Trust me, don't be, life will find its way, Chinese will live on with no game consoles, since their government banned game consoles for so many years.

China has different tastes in games to the rest of the world, so I'm ok with this. Coups be a great thing for gaming in general

"MMORPGs on PC don’t tend to work well on home consoles"
This statement is not universally true. Final Fantasy XIV is a MMORPG which works exceptionally well on PS4 and provides overall a more consistent experience than on PC (no driver issues, no interruptions caused by Windows' multitasking environment etc). They even implemented optional keyboard/mouse support, but the game is perfectly playable even with the controller.
Diablo III is another example of an online RPG (although I wouldn't say that it is a MMORGP), which is optimized for controllers and works like a charm (on both X360 and PS3).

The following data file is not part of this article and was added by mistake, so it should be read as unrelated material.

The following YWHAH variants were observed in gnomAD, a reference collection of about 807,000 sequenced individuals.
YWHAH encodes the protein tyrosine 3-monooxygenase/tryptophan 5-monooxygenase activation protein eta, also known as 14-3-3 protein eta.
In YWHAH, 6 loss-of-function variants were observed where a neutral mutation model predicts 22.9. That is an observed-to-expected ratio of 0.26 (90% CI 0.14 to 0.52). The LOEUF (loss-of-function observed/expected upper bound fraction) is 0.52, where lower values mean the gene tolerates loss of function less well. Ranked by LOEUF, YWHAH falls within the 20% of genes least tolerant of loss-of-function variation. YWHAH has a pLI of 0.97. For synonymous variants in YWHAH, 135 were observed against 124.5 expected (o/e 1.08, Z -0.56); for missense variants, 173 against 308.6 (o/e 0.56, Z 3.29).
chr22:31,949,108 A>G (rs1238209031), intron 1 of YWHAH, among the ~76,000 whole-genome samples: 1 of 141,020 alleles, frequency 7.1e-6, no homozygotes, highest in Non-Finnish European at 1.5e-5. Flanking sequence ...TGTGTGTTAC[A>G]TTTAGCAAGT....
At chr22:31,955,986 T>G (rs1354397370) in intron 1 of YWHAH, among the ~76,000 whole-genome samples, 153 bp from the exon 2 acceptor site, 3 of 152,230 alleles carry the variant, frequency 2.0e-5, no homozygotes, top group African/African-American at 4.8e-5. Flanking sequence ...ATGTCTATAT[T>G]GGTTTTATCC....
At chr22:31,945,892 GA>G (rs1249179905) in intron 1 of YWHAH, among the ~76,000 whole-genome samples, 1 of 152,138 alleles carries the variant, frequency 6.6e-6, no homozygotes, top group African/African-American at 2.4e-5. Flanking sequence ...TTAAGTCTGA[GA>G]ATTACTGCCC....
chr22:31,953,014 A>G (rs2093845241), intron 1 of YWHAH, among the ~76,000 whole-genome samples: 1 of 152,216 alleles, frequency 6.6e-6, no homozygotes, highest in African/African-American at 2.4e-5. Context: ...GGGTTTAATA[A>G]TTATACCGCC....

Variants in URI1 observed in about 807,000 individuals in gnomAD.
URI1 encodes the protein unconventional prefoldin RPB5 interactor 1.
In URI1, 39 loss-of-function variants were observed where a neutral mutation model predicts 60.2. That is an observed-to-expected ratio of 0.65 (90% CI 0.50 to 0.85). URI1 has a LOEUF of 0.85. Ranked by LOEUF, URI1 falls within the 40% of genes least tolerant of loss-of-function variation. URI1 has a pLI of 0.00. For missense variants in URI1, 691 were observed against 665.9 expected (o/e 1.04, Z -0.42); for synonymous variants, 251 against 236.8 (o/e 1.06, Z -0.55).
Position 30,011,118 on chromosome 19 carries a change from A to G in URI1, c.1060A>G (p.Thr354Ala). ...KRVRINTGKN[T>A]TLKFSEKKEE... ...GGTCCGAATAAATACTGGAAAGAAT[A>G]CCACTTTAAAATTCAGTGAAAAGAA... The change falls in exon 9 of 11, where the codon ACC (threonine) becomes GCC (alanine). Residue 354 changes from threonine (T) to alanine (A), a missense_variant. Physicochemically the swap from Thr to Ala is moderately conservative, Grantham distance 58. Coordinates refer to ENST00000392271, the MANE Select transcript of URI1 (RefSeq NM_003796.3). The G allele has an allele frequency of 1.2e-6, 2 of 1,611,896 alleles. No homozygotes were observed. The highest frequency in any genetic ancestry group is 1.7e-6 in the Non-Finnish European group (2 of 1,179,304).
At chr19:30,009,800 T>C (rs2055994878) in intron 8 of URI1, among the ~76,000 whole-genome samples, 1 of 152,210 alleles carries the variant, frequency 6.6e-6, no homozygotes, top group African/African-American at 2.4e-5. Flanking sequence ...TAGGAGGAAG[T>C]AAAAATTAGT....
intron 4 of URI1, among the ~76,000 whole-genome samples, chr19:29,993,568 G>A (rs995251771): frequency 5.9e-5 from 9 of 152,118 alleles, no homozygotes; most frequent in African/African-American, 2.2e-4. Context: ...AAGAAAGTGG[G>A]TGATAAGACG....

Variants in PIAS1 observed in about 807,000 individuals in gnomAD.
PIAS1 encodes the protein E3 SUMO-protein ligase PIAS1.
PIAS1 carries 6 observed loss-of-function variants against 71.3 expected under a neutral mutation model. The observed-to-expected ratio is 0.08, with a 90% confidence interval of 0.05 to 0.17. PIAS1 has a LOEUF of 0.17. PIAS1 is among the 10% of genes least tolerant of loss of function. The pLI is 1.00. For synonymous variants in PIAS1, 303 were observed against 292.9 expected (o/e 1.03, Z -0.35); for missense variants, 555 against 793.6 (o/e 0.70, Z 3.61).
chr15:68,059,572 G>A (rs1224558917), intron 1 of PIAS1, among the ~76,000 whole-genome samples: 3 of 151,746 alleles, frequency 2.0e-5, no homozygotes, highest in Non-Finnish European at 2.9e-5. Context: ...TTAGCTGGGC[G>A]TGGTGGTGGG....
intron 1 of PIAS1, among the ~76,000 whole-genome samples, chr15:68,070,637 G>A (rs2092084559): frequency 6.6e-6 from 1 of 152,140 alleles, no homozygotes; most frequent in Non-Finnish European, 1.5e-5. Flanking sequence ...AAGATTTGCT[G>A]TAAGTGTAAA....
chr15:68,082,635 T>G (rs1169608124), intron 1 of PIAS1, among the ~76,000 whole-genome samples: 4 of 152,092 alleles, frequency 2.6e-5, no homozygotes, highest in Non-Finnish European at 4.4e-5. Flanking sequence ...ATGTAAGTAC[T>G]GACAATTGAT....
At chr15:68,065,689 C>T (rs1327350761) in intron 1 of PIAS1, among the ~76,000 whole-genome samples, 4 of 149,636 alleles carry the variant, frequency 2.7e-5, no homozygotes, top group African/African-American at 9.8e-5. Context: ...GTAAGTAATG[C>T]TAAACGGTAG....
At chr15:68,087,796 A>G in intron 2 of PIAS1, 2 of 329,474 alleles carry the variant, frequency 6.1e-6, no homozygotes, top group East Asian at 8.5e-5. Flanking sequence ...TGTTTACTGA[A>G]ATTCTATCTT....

So, yes... MMORPG is not a problem on consoles if those are optimized.

Not in defence of China's messy content regulating system, but the author's judging the quality of a game that he's yet to get his hands on. The author also tries to imply that apps/games produced locally in China will not play well and be successful. I don't know why but as one reader above said, this article is filled with bitterness. I suppose it's not a good way to write news. Or is it?

"PC port" im loving that word, it should be like that for all games, in all markets, pc first, consoles at the end